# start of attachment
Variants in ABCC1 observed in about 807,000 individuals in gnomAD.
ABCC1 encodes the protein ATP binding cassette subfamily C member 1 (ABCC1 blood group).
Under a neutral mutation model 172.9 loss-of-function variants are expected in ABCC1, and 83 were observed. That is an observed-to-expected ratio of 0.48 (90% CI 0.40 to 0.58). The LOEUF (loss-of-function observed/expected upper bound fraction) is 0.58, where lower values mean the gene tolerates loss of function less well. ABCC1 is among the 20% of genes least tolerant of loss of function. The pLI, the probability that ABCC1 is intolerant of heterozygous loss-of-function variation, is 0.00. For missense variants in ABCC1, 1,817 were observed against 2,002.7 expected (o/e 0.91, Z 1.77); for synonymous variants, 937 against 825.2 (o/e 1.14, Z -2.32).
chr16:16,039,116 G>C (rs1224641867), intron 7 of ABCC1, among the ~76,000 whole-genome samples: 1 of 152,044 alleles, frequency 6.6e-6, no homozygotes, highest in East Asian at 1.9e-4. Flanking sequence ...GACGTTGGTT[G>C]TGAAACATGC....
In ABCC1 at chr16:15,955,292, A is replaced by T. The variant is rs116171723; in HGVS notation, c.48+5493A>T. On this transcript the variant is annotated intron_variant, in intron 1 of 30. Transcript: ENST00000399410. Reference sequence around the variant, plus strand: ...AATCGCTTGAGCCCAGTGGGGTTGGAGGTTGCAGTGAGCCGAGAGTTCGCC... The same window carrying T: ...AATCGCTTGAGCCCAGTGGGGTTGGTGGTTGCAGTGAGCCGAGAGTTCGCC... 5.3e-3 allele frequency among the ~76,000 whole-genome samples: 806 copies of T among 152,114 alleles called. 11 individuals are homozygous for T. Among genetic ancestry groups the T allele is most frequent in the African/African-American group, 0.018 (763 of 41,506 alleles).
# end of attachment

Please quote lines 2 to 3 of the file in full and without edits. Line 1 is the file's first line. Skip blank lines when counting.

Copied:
ABCC1 encodes the protein ATP binding cassette subfamily C member 1 (ABCC1 blood group).
Under a neutral mutation model 172.9 loss-of-function variants are expected in ABCC1, and 83 were observed. That is an observed-to-expected ratio of 0.48 (90% CI 0.40 to 0.58). The LOEUF (loss-of-function observed/expected upper bound fraction) is 0.58, where lower values mean the gene tolerates loss of function less well. ABCC1 is among the 20% of genes least tolerant of loss of function. The pLI, the probability that ABCC1 is intolerant of heterozygous loss-of-function variation, is 0.00. For missense variants in ABCC1, 1,817 were observed against 2,002.7 expected (o/e 0.91, Z 1.77); for synonymous variants, 937 against 825.2 (o/e 1.14, Z -2.32).